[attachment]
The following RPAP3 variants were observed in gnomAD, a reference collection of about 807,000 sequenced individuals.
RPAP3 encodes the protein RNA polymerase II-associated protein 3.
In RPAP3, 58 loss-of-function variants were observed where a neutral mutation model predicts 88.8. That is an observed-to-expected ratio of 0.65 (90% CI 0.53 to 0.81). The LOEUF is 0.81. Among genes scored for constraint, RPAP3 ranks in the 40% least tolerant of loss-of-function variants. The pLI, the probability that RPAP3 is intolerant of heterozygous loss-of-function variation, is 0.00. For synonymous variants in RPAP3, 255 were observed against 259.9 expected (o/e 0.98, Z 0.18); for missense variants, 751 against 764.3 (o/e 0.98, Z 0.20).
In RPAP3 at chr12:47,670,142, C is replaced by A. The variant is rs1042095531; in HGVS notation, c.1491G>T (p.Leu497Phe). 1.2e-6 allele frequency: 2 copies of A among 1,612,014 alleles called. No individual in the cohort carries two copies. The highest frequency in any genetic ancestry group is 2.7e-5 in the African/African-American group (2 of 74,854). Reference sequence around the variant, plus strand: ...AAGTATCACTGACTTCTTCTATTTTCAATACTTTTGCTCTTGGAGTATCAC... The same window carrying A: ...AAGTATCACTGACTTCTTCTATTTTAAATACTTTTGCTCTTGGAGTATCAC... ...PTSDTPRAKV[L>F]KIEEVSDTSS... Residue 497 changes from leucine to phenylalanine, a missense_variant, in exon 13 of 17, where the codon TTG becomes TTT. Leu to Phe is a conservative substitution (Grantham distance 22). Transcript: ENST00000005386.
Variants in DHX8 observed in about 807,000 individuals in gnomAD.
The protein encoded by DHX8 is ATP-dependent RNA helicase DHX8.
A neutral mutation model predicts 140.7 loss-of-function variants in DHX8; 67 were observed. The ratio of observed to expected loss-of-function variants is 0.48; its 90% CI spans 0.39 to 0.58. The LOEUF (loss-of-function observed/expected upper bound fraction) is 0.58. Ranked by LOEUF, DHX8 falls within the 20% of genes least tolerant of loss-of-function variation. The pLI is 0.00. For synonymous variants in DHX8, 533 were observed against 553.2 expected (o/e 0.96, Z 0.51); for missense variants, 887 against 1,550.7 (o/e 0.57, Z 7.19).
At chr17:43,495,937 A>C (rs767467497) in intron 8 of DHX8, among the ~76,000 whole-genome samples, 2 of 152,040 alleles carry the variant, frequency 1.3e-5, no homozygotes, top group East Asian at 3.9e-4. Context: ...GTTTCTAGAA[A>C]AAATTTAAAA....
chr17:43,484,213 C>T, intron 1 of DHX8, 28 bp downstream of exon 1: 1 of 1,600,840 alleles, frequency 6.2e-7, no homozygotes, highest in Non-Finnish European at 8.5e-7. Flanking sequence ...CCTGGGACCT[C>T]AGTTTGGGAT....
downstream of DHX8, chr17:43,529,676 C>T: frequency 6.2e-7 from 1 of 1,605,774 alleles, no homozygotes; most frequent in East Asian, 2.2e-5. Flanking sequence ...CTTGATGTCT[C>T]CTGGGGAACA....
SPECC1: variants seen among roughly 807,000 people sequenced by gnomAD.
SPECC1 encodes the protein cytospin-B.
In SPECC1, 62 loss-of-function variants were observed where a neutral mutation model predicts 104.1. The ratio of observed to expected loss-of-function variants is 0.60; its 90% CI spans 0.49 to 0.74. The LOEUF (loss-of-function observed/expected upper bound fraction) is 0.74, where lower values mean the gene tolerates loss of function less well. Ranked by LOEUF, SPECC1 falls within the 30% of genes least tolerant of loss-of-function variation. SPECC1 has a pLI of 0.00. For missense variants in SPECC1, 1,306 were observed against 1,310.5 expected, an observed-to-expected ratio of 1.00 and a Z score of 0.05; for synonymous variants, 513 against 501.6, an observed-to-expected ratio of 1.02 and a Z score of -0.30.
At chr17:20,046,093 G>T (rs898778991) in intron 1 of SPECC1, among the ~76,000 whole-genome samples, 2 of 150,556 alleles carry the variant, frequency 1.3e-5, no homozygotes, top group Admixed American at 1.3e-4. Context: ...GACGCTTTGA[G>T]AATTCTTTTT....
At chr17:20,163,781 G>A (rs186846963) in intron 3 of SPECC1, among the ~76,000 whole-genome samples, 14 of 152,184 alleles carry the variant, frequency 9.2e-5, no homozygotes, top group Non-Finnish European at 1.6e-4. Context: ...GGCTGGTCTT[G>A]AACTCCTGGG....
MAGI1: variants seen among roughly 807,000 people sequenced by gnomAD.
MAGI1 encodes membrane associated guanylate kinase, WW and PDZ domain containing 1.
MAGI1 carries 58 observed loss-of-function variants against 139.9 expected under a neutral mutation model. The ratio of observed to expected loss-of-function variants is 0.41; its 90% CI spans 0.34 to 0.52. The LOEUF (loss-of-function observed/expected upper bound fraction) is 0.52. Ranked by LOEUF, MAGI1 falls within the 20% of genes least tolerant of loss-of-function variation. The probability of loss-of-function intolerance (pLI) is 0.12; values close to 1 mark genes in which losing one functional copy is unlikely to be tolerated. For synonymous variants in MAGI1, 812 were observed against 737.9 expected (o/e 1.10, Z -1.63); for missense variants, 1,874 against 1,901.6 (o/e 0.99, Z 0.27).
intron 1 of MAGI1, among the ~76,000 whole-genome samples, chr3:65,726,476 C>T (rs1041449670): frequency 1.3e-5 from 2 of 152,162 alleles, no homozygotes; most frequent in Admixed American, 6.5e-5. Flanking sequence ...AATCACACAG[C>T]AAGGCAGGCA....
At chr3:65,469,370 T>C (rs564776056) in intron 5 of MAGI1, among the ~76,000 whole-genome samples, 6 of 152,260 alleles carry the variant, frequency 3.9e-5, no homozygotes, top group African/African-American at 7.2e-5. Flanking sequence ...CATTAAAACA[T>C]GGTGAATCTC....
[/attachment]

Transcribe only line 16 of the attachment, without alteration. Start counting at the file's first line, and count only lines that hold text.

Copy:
MAGI1: variants seen among roughly 807,000 people sequenced by gnomAD.